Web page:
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Sharing Our Techie Stories

So, I'm watching football and I notice a few commercials for the iPhone. One involves celebrity tennis players playing ping pong. It's an advertisement for sleep mode, which is apparently a really big innovation in technology. Another advertisement revolves around editing pictures with retina display. The message is clear: we make quality stuff. Just check out our features.

I contrast that to the two Google commercials I view. The first is a tear-jerker describing the way a daughter and a father stick together as she moves on to college. In thirty seconds, they create a story and a backstory of how technology can help us connect. The features are still there, embedded, not for quality, but for simplicity. The second commercial tells a blended story, a collective narrative, about how we can use technology to learn from one another.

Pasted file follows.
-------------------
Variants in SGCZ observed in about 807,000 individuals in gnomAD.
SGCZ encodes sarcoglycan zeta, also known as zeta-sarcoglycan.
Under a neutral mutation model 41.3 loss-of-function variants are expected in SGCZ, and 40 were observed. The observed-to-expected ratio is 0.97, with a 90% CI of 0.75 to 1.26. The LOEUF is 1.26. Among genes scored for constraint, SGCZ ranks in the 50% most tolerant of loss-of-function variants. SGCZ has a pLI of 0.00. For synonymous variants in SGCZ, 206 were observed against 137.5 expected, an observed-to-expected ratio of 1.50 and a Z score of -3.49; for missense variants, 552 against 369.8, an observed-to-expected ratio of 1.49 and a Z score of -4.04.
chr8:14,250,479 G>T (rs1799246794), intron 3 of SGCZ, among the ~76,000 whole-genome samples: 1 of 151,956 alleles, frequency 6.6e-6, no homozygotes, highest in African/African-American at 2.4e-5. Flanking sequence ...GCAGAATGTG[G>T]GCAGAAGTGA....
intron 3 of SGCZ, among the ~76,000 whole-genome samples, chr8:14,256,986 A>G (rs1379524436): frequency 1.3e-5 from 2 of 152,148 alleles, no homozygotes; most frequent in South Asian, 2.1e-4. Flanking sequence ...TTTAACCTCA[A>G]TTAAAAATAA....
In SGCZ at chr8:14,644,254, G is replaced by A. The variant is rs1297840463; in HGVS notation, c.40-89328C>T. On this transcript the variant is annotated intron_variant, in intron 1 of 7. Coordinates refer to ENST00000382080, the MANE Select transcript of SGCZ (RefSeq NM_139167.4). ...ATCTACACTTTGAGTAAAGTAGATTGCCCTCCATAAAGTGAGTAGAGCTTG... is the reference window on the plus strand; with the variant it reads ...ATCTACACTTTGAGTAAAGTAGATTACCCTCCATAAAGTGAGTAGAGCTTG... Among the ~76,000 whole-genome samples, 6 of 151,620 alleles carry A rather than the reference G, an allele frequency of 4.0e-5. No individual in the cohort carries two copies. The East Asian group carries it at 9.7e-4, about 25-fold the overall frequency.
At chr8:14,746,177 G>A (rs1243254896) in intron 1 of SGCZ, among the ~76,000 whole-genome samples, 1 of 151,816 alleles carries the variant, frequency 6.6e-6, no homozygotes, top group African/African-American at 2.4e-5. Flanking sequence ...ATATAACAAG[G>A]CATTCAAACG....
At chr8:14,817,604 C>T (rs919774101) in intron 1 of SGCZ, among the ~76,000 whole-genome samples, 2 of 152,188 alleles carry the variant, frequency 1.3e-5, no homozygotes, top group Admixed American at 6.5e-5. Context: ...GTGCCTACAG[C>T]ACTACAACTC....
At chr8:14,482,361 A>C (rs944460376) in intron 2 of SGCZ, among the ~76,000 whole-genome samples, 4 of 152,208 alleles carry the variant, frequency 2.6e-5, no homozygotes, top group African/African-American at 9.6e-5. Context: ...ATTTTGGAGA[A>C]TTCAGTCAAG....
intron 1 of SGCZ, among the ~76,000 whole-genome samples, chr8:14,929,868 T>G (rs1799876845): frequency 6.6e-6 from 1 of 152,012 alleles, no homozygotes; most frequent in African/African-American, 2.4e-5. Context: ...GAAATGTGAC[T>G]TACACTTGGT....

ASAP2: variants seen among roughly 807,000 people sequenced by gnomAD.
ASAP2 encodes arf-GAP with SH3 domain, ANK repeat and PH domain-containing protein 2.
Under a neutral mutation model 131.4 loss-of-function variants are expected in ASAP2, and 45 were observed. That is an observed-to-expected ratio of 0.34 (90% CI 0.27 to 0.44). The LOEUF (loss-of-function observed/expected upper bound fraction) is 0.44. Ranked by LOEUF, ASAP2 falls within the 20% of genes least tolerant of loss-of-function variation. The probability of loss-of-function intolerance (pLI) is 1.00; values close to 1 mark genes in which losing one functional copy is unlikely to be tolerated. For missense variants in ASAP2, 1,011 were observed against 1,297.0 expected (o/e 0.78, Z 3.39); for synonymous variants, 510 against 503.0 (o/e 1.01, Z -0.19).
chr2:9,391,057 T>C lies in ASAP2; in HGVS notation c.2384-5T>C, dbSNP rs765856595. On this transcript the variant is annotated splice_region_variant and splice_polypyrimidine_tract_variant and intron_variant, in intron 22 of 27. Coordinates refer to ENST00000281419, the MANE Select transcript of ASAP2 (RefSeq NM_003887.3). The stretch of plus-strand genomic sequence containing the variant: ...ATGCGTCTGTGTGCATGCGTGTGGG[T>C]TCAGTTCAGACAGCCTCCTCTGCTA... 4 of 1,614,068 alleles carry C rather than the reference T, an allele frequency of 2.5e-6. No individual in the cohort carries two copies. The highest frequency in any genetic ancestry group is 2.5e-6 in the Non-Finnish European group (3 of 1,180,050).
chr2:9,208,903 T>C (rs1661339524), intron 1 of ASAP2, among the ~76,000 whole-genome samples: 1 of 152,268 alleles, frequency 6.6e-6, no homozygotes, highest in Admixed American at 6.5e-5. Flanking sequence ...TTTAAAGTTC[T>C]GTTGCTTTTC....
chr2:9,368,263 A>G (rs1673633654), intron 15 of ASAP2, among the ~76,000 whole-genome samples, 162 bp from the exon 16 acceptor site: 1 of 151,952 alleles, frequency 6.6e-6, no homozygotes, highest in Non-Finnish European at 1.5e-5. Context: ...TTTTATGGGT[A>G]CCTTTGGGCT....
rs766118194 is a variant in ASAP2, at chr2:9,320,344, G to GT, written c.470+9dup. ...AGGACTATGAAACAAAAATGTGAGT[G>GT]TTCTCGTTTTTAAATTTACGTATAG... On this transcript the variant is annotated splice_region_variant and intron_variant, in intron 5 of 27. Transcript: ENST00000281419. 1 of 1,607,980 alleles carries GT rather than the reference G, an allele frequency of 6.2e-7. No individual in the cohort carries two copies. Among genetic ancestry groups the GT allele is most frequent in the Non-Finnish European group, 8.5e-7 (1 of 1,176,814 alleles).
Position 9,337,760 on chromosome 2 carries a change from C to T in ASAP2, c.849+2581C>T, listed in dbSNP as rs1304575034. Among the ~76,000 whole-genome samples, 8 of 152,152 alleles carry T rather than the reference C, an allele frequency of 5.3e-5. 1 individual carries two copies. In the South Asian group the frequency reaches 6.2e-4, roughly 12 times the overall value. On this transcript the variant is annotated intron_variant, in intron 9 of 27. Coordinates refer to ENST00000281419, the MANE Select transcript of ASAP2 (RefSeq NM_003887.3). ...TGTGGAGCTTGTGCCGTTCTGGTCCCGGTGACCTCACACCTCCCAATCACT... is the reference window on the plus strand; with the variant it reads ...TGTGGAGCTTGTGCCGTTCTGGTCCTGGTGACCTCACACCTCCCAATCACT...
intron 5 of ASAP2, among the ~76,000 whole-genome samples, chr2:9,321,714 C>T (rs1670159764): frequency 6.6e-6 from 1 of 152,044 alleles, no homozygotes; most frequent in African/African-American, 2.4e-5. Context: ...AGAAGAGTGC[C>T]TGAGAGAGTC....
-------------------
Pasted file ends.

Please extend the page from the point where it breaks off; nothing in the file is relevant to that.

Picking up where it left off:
I'm not sure either advertisement is entirely accurate. However, I know that the Google ads are memorable. They feel less like a glossy ad and more like an indie short film.The viewer makes an emotional connection with a vast, nameless corporation - one that often feels cold and distant to the public.

So, it has me thinking about technology integration and schools. What do we need to do in order to tell better stories? Are we sharing the connections, the relationships and the learning? Or are we talking to the public about prototypes and tools and the shiny hardware?
Professor. Author. Speaker. Maker.
I want to see kids embrace creativity. As a teacher, this has meant murals, documentaries, STEM camps, and coding projects. As a dad, this has meant quirky pillow forts and home-made pinball machines. This is why I co-wrote Wendell the World's Worst Wizard and co-founded Write About. I am convinced that design thinking can thrive in every content area, which is why I am launching the free design thinking course this summer.


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